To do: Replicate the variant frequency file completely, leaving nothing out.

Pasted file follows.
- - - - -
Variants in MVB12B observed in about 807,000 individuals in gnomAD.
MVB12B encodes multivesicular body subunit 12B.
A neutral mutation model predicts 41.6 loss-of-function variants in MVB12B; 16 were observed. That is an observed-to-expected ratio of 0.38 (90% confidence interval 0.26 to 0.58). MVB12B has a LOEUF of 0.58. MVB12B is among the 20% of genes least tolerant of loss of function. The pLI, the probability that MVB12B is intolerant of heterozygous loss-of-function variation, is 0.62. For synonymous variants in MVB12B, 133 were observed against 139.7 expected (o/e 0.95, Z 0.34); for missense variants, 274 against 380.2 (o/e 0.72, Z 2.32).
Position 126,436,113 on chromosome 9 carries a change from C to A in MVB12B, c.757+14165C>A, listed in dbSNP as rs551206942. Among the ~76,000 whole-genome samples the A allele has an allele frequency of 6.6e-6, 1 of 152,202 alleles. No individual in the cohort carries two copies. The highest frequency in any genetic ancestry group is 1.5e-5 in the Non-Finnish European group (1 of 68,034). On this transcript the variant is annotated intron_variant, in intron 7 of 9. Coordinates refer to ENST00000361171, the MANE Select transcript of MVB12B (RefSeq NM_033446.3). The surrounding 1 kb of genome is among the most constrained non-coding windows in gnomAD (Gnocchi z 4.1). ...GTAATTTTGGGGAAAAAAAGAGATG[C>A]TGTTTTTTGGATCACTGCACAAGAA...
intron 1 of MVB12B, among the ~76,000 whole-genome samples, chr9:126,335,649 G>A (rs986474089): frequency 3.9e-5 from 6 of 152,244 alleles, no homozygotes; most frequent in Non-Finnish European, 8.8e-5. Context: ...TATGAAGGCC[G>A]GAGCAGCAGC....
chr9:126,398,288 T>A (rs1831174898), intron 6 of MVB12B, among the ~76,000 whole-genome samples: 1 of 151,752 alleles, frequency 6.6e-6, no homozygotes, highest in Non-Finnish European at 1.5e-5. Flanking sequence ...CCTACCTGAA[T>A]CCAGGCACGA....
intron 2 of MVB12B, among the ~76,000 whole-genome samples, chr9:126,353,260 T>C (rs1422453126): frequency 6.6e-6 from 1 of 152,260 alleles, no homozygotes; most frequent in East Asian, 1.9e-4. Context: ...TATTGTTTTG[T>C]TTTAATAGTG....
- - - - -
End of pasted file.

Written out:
Variants in MVB12B observed in about 807,000 individuals in gnomAD.
MVB12B encodes multivesicular body subunit 12B.
A neutral mutation model predicts 41.6 loss-of-function variants in MVB12B; 16 were observed. That is an observed-to-expected ratio of 0.38 (90% confidence interval 0.26 to 0.58). MVB12B has a LOEUF of 0.58. MVB12B is among the 20% of genes least tolerant of loss of function. The pLI, the probability that MVB12B is intolerant of heterozygous loss-of-function variation, is 0.62. For synonymous variants in MVB12B, 133 were observed against 139.7 expected (o/e 0.95, Z 0.34); for missense variants, 274 against 380.2 (o/e 0.72, Z 2.32).
Position 126,436,113 on chromosome 9 carries a change from C to A in MVB12B, c.757+14165C>A, listed in dbSNP as rs551206942. Among the ~76,000 whole-genome samples the A allele has an allele frequency of 6.6e-6, 1 of 152,202 alleles. No individual in the cohort carries two copies. The highest frequency in any genetic ancestry group is 1.5e-5 in the Non-Finnish European group (1 of 68,034). On this transcript the variant is annotated intron_variant, in intron 7 of 9. Coordinates refer to ENST00000361171, the MANE Select transcript of MVB12B (RefSeq NM_033446.3). The surrounding 1 kb of genome is among the most constrained non-coding windows in gnomAD (Gnocchi z 4.1). ...GTAATTTTGGGGAAAAAAAGAGATG[C>A]TGTTTTTTGGATCACTGCACAAGAA...
intron 1 of MVB12B, among the ~76,000 whole-genome samples, chr9:126,335,649 G>A (rs986474089): frequency 3.9e-5 from 6 of 152,244 alleles, no homozygotes; most frequent in Non-Finnish European, 8.8e-5. Context: ...TATGAAGGCC[G>A]GAGCAGCAGC....
chr9:126,398,288 T>A (rs1831174898), intron 6 of MVB12B, among the ~76,000 whole-genome samples: 1 of 151,752 alleles, frequency 6.6e-6, no homozygotes, highest in Non-Finnish European at 1.5e-5. Flanking sequence ...CCTACCTGAA[T>A]CCAGGCACGA....
intron 2 of MVB12B, among the ~76,000 whole-genome samples, chr9:126,353,260 T>C (rs1422453126): frequency 6.6e-6 from 1 of 152,260 alleles, no homozygotes; most frequent in East Asian, 1.9e-4. Context: ...TATTGTTTTG[T>C]TTTAATAGTG....